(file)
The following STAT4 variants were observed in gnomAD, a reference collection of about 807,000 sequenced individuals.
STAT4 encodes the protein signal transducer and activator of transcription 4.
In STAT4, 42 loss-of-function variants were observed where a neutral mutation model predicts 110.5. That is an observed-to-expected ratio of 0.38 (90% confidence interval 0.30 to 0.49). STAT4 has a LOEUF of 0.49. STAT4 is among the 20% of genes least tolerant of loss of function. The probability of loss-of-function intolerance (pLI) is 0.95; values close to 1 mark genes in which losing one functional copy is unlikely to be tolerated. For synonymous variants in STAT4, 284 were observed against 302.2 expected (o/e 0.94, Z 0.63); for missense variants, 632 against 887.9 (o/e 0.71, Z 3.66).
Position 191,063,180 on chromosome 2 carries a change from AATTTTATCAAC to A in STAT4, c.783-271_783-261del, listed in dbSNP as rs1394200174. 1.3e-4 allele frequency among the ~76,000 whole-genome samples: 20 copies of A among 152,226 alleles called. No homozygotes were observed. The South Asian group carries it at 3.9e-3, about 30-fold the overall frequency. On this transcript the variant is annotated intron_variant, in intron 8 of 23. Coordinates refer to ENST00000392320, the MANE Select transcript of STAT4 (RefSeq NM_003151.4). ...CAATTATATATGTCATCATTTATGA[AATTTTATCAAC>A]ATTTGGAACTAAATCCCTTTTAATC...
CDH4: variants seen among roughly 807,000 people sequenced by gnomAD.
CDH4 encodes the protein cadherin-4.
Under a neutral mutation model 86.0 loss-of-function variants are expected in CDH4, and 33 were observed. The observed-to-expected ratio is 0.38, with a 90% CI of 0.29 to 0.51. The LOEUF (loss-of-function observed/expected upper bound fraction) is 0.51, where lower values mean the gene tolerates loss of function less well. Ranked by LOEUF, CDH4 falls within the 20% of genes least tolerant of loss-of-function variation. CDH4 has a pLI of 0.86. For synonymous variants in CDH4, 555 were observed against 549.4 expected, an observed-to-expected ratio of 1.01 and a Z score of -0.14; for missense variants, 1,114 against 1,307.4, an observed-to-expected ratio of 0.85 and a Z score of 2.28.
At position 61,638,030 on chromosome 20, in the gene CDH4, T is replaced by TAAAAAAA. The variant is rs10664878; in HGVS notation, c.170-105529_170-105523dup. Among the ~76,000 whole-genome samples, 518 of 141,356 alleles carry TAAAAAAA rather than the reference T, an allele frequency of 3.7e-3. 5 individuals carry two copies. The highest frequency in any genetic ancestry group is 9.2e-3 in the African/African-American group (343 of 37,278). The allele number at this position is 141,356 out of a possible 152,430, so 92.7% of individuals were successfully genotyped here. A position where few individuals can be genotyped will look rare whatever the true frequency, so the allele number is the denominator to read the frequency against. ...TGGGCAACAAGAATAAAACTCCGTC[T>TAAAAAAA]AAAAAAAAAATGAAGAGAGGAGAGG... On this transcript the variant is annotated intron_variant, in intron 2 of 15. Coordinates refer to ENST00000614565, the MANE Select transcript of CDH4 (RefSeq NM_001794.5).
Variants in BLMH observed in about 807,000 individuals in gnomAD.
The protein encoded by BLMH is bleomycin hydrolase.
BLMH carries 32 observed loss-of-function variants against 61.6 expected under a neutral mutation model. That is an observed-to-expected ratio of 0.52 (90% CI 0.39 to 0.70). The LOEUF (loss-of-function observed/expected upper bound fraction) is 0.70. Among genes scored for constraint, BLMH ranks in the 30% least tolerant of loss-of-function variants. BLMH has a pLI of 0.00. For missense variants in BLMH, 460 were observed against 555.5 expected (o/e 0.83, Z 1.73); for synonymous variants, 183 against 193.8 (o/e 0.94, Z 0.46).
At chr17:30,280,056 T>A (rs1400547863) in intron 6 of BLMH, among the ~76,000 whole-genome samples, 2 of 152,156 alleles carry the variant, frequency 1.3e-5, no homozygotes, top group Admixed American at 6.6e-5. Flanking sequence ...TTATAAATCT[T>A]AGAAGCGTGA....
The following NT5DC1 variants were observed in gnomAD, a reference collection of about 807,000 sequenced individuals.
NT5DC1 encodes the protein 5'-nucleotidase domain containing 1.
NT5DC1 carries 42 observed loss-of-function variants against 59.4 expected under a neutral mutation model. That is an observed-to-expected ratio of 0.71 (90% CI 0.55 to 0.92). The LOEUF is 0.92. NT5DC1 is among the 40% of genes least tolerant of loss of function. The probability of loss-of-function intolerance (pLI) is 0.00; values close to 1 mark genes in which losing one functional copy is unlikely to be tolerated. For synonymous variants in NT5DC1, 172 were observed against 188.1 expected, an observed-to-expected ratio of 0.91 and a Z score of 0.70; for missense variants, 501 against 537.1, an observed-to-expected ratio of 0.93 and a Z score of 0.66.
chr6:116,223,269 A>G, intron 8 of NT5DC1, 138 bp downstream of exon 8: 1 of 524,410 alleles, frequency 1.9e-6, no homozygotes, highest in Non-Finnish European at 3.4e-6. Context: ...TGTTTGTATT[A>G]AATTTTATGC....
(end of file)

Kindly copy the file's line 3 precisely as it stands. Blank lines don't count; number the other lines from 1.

In STAT4, 42 loss-of-function variants were observed where a neutral mutation model predicts 110.5. That is an observed-to-expected ratio of 0.38 (90% confidence interval 0.30 to 0.49). STAT4 has a LOEUF of 0.49. STAT4 is among the 20% of genes least tolerant of loss of function. The probability of loss-of-function intolerance (pLI) is 0.95; values close to 1 mark genes in which losing one functional copy is unlikely to be tolerated. For synonymous variants in STAT4, 284 were observed against 302.2 expected (o/e 0.94, Z 0.63); for missense variants, 632 against 887.9 (o/e 0.71, Z 3.66).